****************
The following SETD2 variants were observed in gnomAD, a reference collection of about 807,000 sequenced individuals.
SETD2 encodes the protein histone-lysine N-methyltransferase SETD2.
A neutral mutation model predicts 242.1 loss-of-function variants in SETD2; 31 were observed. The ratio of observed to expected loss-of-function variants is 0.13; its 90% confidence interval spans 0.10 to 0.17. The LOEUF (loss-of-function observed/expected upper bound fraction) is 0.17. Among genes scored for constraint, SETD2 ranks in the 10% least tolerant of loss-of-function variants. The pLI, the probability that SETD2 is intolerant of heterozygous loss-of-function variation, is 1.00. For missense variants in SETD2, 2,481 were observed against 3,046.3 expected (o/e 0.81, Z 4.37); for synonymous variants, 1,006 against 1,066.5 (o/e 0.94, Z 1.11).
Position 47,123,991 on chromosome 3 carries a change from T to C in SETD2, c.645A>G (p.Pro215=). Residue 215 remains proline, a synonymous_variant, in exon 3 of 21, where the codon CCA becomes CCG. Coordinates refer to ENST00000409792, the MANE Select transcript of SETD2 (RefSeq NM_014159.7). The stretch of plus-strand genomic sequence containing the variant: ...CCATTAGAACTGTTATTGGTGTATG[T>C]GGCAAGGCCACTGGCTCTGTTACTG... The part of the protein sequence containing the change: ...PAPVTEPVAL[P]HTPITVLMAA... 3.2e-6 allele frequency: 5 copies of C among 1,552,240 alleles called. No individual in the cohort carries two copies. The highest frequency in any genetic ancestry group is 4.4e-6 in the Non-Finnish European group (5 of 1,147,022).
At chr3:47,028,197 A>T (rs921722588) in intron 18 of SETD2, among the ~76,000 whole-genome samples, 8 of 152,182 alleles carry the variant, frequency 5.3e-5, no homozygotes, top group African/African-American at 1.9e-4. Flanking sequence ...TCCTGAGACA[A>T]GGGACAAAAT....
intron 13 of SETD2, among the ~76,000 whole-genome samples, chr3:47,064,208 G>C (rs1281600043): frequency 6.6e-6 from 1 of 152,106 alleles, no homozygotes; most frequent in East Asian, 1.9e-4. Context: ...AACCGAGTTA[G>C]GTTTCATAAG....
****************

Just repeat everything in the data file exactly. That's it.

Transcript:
The following SETD2 variants were observed in gnomAD, a reference collection of about 807,000 sequenced individuals.
SETD2 encodes the protein histone-lysine N-methyltransferase SETD2.
A neutral mutation model predicts 242.1 loss-of-function variants in SETD2; 31 were observed. The ratio of observed to expected loss-of-function variants is 0.13; its 90% confidence interval spans 0.10 to 0.17. The LOEUF (loss-of-function observed/expected upper bound fraction) is 0.17. Among genes scored for constraint, SETD2 ranks in the 10% least tolerant of loss-of-function variants. The pLI, the probability that SETD2 is intolerant of heterozygous loss-of-function variation, is 1.00. For missense variants in SETD2, 2,481 were observed against 3,046.3 expected (o/e 0.81, Z 4.37); for synonymous variants, 1,006 against 1,066.5 (o/e 0.94, Z 1.11).
Position 47,123,991 on chromosome 3 carries a change from T to C in SETD2, c.645A>G (p.Pro215=). Residue 215 remains proline, a synonymous_variant, in exon 3 of 21, where the codon CCA becomes CCG. Coordinates refer to ENST00000409792, the MANE Select transcript of SETD2 (RefSeq NM_014159.7). The stretch of plus-strand genomic sequence containing the variant: ...CCATTAGAACTGTTATTGGTGTATG[T>C]GGCAAGGCCACTGGCTCTGTTACTG... The part of the protein sequence containing the change: ...PAPVTEPVAL[P]HTPITVLMAA... 3.2e-6 allele frequency: 5 copies of C among 1,552,240 alleles called. No individual in the cohort carries two copies. The highest frequency in any genetic ancestry group is 4.4e-6 in the Non-Finnish European group (5 of 1,147,022).
At chr3:47,028,197 A>T (rs921722588) in intron 18 of SETD2, among the ~76,000 whole-genome samples, 8 of 152,182 alleles carry the variant, frequency 5.3e-5, no homozygotes, top group African/African-American at 1.9e-4. Flanking sequence ...TCCTGAGACA[A>T]GGGACAAAAT....
intron 13 of SETD2, among the ~76,000 whole-genome samples, chr3:47,064,208 G>C (rs1281600043): frequency 6.6e-6 from 1 of 152,106 alleles, no homozygotes; most frequent in East Asian, 1.9e-4. Context: ...AACCGAGTTA[G>C]GTTTCATAAG....